"If Marty connected with you he made the effort to remain part of your life no matter the physical distance and that was the case with the two of us," said long-time friend and Buddies' employee Greg Boreham. "When I moved to Chicago, I got the job at Buddies' and because Marty and George welcomed me with open arms I decided to make the city my home. We happened to move to Florida ( me in Naples and them in Tallahassee ) within a year of each other so we were able to see each other on a regular basis. He was also friends with my mom and came over to her house to play poker when he visited us. I will miss him and his down-to-earth, salt-of-the-earth genuine candor about people and the world around him."
"I met Marty in the winter of 1996 through our dogs, but the funny thing is neither of us knew each other was gay for a long time," said long-time friend Mimi Chryssikos. "Then one day in the neighborhood we ran into each other. Marty was with George and I was with my then very butch lover Olga so the cat was out of the bag. Marty shared wonderful stories about his life, including his time in the Korean War and how he felt about George. We also shared our tragedies, including the death of his adopted son.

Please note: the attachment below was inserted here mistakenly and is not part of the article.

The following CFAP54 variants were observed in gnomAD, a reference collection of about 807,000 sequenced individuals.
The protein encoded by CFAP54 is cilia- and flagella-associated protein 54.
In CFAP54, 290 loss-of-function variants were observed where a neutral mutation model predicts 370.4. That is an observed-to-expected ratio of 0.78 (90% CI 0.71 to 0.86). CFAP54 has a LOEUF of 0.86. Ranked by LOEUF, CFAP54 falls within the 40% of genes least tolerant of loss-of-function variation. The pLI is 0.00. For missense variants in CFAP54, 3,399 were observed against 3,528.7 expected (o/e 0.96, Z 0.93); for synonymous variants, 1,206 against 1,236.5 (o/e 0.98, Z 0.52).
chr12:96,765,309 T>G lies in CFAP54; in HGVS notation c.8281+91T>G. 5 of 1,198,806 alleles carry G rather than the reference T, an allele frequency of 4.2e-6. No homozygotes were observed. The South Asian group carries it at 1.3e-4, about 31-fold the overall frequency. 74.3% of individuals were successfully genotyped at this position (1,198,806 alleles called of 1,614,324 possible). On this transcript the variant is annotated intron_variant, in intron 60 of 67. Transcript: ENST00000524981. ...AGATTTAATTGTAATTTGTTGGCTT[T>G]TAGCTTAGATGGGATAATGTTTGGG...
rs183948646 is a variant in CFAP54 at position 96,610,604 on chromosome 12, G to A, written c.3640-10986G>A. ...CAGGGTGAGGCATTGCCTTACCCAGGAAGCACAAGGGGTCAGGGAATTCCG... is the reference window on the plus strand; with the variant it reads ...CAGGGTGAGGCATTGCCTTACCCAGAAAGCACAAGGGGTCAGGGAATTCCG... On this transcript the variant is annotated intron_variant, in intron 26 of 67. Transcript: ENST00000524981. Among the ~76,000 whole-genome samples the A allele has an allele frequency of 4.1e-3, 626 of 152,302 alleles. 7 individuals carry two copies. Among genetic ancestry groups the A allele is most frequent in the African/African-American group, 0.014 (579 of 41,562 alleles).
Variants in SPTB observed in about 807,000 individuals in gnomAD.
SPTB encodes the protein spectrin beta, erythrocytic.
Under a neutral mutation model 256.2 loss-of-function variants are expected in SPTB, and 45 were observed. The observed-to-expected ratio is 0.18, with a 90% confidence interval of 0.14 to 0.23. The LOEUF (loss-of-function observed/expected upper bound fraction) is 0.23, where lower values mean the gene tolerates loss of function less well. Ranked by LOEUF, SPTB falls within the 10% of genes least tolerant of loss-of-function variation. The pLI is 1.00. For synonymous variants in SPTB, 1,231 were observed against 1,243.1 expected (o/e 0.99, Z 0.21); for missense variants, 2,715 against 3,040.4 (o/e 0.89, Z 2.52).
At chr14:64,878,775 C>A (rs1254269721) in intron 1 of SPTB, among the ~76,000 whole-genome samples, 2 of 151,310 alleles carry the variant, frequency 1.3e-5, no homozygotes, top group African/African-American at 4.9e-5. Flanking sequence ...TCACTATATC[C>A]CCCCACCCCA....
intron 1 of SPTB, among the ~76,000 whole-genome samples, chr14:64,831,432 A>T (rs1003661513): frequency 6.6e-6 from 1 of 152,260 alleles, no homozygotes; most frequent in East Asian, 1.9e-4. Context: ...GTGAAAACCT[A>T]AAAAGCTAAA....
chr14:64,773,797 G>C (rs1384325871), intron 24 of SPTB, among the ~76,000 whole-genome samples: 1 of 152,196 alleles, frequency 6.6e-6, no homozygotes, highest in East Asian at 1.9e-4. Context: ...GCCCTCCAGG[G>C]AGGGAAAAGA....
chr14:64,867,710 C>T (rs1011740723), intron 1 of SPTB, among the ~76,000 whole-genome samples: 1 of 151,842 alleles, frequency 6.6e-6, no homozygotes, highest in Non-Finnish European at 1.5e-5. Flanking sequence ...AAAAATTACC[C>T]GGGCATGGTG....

"He was a wonderful, caring, well-rounded, good-hearted, wise human being who helped me with my business ventures, in the romance department and with parenting questions. There was a little joke between the two of us. I lost my father at an early age, and since I could not visit his grave I had a picture and candle to remember him that one friend called the dead zone. Marty used to say 'I do not want my picture over there, not yet.' Well you finally made it to the dead zone Marty. I will be sending you kisses from here to heaven my buddy."
"I am honored and blessed to have known Marty," said long-time friend and Buddies' employee Alicia Gellineau. "I will never forget his kindness. He will truly be missed and always be remembered."
"Marty, along with his husband George, was an active, positive force in our community, particularly through their restaurant/bar, Buddies', which became a community institution," said Sidetrack co-owner Art Johnston. "Organizations knew that Marty, George and their staff were always generous in lending their spaces and helping provide food and other supplies to community groups."
Memorial services are pending. Brophy has requested that in lieu of flowers, donations should be sent to Covenant Hospice and Leon County Humane Society ( both in Tallahassee, Florida ) in Enright's memory.